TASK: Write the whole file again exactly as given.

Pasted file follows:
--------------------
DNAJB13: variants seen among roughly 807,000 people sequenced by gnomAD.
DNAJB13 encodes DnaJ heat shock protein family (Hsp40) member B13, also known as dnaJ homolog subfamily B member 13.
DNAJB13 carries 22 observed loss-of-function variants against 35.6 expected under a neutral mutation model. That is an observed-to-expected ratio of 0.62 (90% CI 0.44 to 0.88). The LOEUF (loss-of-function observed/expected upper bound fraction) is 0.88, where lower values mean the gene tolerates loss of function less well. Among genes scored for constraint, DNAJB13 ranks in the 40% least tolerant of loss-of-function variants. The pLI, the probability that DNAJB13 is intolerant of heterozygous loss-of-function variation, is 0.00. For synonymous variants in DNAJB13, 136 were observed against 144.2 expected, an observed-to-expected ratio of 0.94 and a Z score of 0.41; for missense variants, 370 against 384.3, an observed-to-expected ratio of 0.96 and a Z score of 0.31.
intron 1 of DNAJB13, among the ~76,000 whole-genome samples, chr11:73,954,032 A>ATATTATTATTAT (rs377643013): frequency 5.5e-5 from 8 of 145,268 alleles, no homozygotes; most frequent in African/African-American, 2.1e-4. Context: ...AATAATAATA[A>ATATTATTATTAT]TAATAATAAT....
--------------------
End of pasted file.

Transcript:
DNAJB13: variants seen among roughly 807,000 people sequenced by gnomAD.
DNAJB13 encodes DnaJ heat shock protein family (Hsp40) member B13, also known as dnaJ homolog subfamily B member 13.
DNAJB13 carries 22 observed loss-of-function variants against 35.6 expected under a neutral mutation model. That is an observed-to-expected ratio of 0.62 (90% CI 0.44 to 0.88). The LOEUF (loss-of-function observed/expected upper bound fraction) is 0.88, where lower values mean the gene tolerates loss of function less well. Among genes scored for constraint, DNAJB13 ranks in the 40% least tolerant of loss-of-function variants. The pLI, the probability that DNAJB13 is intolerant of heterozygous loss-of-function variation, is 0.00. For synonymous variants in DNAJB13, 136 were observed against 144.2 expected, an observed-to-expected ratio of 0.94 and a Z score of 0.41; for missense variants, 370 against 384.3, an observed-to-expected ratio of 0.96 and a Z score of 0.31.
intron 1 of DNAJB13, among the ~76,000 whole-genome samples, chr11:73,954,032 A>ATATTATTATTAT (rs377643013): frequency 5.5e-5 from 8 of 145,268 alleles, no homozygotes; most frequent in African/African-American, 2.1e-4. Context: ...AATAATAATA[A>ATATTATTATTAT]TAATAATAAT....